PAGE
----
As a body language expert, it's always fun for me to watch my audience and tell what catches their interest - and what they couldn't care less about. As a speaker, this means I can tell exactly what my audience is enjoying, and when it's time to change the subject.
As a listener, it's much less fun. The only consolation I have when listening to a boring speaker is watching all the signals of boredom from the audience members. Sweet vindication.
Speakers, take note: The event manager may have given you the stage - but they can't give you the audience's attention, or respect. That's something you have to earn, and the audience isn't giving it up easily. So, you need a plan.
Of course, if we were face to face, it would be so much easier to pinpoint your exact problems with public speaking, but since this is a blog-post going out to many people with different types of speaking problems, we'll stick to the basics. Here are the three things you need to do in order to never bore an audience ever again:
1. Know Your Stuff. Your presentation should be well prepared and RELEVANT. Know it backwards and forward. If you're talking to an audience who doesn't need to know about your product, you shouldn't be on the stage. If you don't know what you're going to say, you shouldn't be on the stage. If you can't explain the exact problem you're trying to solve, you shouldn't be on the stage. This is something I often assist my clients in clarifying, so they know exactly what they want to say and can rock it on stage.
2. Have A Dramatic Entrance. No, you don't need to appear in a puff of smoke, or sprint onto the stage. What I really mean by have a dramatic entrance is this: don't be underwhelming. Don't stand up only to spend the first 12 minutes of your talk tinkering with your PowerPoint, or staring at your shoes. Stand up confidently with your shoulders back and your head in the air, smiling gently. Look at your audience and the person who introduced you as you walk onto the stage. Hold the gaze of your audience and pause for a few moments before you speak to make sure you have their attention. Know what to do with your hands! This is something my coaching clients are incredibly grateful for.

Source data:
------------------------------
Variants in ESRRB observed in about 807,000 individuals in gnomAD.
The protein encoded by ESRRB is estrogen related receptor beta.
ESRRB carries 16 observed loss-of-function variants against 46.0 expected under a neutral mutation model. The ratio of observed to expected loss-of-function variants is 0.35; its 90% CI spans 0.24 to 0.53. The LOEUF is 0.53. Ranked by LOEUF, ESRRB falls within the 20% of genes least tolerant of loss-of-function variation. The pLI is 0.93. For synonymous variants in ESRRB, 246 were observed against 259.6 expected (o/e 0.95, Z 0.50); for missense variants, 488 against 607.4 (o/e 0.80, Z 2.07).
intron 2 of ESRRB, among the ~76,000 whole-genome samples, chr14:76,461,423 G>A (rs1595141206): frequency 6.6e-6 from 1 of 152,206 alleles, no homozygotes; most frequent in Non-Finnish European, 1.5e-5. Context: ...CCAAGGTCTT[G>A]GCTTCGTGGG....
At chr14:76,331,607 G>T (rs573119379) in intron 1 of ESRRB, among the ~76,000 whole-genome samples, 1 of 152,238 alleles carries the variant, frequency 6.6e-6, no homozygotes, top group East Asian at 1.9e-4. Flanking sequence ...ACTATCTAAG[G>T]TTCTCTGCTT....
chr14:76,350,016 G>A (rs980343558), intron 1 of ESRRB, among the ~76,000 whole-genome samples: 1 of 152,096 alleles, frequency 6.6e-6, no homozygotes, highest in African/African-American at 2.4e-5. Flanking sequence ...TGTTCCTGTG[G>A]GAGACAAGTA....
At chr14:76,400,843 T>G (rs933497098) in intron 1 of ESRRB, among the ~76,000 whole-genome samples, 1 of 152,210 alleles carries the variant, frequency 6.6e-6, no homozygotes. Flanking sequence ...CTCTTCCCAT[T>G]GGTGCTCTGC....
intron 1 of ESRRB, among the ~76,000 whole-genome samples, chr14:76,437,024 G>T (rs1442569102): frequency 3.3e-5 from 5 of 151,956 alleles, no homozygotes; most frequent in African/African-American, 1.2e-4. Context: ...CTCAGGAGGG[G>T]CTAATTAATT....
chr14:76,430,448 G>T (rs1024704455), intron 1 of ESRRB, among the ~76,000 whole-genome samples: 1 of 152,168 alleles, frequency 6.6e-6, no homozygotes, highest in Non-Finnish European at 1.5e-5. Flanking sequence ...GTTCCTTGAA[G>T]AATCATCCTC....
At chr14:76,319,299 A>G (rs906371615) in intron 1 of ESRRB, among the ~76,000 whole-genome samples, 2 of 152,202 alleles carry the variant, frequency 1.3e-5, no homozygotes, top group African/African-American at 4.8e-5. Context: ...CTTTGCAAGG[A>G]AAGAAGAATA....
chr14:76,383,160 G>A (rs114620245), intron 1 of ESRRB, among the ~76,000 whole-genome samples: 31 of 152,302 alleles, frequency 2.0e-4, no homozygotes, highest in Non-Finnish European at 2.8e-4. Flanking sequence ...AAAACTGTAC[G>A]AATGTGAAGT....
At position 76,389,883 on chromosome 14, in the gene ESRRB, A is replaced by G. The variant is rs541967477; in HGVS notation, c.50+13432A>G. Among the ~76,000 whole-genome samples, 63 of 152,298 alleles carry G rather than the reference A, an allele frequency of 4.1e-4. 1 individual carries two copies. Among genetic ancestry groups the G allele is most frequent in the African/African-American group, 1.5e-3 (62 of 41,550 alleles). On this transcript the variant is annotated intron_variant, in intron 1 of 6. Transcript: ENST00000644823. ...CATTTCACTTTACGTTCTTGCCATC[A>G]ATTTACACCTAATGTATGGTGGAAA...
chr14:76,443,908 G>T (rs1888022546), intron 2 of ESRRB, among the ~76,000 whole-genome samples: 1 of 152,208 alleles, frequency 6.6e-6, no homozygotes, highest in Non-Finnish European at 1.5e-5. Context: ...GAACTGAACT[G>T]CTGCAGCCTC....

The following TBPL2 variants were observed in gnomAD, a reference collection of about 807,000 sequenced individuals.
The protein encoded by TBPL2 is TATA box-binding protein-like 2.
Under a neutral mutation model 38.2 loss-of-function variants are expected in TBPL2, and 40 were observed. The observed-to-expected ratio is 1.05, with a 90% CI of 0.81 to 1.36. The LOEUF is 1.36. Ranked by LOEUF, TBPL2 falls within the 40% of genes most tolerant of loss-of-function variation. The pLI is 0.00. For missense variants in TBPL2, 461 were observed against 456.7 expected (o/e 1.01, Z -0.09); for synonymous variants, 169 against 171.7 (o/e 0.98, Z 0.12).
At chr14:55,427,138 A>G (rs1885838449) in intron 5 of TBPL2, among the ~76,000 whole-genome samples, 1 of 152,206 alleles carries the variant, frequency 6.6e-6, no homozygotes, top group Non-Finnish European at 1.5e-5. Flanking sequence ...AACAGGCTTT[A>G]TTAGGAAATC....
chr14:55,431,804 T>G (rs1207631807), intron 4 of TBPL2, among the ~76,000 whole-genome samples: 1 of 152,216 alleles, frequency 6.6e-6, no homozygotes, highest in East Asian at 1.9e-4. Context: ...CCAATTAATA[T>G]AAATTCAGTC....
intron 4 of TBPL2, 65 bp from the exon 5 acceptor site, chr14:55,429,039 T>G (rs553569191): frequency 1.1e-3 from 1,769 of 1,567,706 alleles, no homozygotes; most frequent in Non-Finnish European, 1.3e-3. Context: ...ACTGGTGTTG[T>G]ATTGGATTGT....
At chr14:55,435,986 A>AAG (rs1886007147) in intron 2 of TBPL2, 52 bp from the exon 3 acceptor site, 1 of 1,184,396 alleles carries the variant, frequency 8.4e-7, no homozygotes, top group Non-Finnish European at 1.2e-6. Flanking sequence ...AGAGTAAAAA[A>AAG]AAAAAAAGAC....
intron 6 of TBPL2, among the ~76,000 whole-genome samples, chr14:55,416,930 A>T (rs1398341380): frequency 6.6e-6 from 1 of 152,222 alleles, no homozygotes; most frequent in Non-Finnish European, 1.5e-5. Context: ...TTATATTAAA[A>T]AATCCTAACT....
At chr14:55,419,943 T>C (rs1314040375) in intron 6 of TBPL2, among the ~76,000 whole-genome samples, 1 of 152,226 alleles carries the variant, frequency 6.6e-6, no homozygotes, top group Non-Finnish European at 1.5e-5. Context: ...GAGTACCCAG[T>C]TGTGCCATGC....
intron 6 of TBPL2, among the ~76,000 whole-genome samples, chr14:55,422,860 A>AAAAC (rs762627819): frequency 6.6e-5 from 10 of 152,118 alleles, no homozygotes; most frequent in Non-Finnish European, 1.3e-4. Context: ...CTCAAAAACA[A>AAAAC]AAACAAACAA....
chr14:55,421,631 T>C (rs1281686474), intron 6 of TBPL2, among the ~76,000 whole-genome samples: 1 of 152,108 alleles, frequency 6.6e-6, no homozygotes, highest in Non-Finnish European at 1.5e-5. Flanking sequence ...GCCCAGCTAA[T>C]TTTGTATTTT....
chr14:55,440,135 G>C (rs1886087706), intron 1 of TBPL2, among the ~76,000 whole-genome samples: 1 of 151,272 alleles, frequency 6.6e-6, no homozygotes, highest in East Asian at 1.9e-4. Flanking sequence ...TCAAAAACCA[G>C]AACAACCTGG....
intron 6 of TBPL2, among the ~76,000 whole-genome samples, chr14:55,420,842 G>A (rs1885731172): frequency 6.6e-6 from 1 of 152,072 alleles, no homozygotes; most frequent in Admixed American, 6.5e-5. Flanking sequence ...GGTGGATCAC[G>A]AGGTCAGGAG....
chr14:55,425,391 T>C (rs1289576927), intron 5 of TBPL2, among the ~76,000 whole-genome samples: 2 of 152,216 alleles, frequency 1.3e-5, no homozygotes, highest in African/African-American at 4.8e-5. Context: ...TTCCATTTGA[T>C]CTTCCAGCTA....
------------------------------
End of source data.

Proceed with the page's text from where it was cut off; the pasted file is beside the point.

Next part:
3. Know What Boredom Looks Like. On first glance, slack-jawed entrancement and slack-jawed boredom look surprisingly similar, so it's crucial that you be able to tell the difference. When people are bored, they are more likely to rest their heads on their hands, or slump in their seats, or check their phones, or check their watches, or fidget incessantly, or face the door, or (here's the big clue) stand up and leave. Be on the lookout on the earliest signs of boredom, and have a back-up plan of movement, activity, participation, or story-telling to re-capture their attention before they even notice it has wandered. This is why it's so important to be able to read the body language of your audience, and know exactly what they're thinking and feeling.
These are the very basic skills a speaker needs to have in order to please their audience and make the event planners happy. There are dozens more we could discuss, but that would require a personal conversation.
Get started on these skills, and begin thrilling your audiences today!